There you are, picture after picture. Ocean after ocean. Drink after drink. Smile after smile. Pale skin to tan to burn. Children hanging on you. This is your time. This week. This week! This is the week memories are made and leftovers aren’t a factor and homework and being late—every day—and all the stuff that collects on the counter, just disappears.
And you will love your spouse like you never can on dry land and you will wear sunglasses you bought ten years ago for such an occasion and feel brand-new about it. And you will put on the snorkel and build the sand castle and watch them sit on grandma’s lap by the pool. And you, yeah you, go stand in front of that palm tree with your hands behind you looking up at the coconut. Now look over at that man lurking nearby. No, not the one who looks like our insurance guy in jean shorts, the one with the single tooth dangling like a sugar cube to a piece of gum. The one holding a machete. He’s going to cut into the coconut or maybe cut your head off or maybe cut the camera phone right off your hand. I don’t know.
I don’t know. I don’t know what’s going to happen. It’s vacation!
And I’m posting this …now.
I’m not sure we really do know how vacation(!) anymore. We weren’t so good at it in the first place. Before Facebook there were slideshows at the neighbors. Everything you ever didn’t want to see of someone else’s life, and if you were lucky, sometimes upside down.
Nobody in the history of our neighborhoods, community and country has ever wanted to see where you’ve gone. You on a rope bridge. You “tired” at the airport from a day of travel. You in a lei. You with a howler monkey. You on a ropes course. You on a zip line. You, you, you.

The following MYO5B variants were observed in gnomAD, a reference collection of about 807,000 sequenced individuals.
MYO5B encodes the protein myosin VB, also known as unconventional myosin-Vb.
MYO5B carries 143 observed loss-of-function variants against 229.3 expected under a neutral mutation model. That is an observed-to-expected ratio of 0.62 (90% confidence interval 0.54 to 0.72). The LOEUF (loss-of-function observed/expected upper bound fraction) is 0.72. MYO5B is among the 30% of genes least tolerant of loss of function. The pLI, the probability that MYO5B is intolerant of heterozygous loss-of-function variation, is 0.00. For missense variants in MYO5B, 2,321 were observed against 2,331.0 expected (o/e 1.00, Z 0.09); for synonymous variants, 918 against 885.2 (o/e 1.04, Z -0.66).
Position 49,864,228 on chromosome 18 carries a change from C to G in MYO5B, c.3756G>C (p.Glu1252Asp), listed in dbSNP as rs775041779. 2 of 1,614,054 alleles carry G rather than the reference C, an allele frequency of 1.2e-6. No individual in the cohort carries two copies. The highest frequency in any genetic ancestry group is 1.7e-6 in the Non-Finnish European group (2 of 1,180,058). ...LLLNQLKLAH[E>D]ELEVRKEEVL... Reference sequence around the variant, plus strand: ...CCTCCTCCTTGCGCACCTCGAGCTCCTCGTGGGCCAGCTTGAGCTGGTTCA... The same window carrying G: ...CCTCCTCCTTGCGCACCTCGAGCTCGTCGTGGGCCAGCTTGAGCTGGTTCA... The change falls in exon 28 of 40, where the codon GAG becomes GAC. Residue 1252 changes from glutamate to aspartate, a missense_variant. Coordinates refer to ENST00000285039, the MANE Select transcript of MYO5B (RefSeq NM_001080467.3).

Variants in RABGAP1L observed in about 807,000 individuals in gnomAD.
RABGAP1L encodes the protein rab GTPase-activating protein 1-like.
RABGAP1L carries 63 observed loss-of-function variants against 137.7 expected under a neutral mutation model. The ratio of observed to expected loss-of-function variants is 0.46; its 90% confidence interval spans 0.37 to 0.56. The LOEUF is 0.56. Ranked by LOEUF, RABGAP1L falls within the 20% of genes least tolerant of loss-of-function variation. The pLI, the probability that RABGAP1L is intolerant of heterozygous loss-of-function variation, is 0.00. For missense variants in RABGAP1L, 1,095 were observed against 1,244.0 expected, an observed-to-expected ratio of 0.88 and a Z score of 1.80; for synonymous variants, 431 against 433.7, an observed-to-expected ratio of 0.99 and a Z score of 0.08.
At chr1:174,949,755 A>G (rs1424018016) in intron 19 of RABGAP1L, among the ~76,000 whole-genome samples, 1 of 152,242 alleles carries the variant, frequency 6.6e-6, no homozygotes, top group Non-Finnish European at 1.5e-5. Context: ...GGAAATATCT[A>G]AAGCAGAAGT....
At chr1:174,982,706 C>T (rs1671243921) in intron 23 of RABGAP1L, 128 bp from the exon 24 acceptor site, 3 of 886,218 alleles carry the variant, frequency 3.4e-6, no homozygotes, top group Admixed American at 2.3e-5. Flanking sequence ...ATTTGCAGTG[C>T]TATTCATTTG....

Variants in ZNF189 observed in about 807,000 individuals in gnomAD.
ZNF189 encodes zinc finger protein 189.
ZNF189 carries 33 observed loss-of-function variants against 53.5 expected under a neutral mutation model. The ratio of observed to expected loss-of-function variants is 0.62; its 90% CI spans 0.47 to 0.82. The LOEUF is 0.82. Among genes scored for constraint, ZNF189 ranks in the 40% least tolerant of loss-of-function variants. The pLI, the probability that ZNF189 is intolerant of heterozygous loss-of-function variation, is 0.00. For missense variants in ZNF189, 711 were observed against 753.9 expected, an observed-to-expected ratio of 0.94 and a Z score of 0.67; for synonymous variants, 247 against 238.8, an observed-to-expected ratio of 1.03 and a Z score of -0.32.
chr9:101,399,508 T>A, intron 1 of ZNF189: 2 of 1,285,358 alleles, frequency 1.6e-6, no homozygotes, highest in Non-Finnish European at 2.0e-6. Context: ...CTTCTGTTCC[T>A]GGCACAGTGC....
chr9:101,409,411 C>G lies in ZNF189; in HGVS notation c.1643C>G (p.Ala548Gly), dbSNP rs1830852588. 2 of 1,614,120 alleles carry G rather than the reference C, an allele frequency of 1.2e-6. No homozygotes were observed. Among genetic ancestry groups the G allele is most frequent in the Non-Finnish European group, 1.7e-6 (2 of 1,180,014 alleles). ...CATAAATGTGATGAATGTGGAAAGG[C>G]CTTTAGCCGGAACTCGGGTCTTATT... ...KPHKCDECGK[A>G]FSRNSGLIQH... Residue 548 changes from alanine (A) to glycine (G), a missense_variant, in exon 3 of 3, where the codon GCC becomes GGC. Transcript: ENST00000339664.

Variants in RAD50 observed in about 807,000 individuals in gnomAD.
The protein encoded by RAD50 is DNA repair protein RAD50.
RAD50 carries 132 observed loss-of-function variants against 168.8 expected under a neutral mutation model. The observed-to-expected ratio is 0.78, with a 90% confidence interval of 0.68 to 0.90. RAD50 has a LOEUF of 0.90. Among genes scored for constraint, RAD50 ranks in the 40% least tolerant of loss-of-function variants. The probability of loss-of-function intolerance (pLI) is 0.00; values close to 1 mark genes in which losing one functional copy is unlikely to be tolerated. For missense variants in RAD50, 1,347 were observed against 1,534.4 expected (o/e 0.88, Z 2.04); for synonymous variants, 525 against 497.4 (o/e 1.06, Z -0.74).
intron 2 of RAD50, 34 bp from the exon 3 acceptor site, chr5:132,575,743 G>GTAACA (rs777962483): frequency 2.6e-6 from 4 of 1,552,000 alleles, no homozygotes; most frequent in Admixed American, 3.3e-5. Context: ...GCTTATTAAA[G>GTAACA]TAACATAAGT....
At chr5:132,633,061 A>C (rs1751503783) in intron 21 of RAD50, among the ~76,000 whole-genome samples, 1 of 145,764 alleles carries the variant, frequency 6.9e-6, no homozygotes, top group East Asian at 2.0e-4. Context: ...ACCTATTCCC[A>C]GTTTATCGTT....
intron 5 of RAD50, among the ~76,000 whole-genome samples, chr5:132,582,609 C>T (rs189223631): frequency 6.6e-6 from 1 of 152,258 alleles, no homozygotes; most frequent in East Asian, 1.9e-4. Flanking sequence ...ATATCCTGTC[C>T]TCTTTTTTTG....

We want me, me, me.
We go on vacation to show that we went on vacation.
On display just how witheringly adept we are at being bad at relaxing. Other countries get it. Other countries get six weeks. They go somewhere. They go to a 250-year-old cottage with sagging gables and an overgrown hedge and lilies carrying on over the stone path. They nap. They nap and they garden. They nap and they garden and they walk to town. They nap and they garden and they walk to town and they have a drink under the portico. They nap and they garden and they walk to town and they have a drink under the portico and remove their hats, fan themselves and watch the world walk by.
And once in awhile, someone stops and says hello.
And they start a conversation.
And then they have a drink. And then they share a meal. And then they walk back together as the sun sets over the house with the sagging gables and overgrown hedge and the lilies carrying on and they look at the last light peeking through to the reading room off the kitchen and they think now there’s where I’ll nap tomorrow.
Other countries can vacation because they’ve spent generations learning a concept we haven’t: You can’t show off what you’re doing when you’re truly relaxed, because when you’re truly relaxed you’re asleep. Real vacation is life’s little sleepwalk.
That’s not the vacation I’m having. But it’s OK, I’m not jealous. Because from what can see, it’s not the one you’re having either.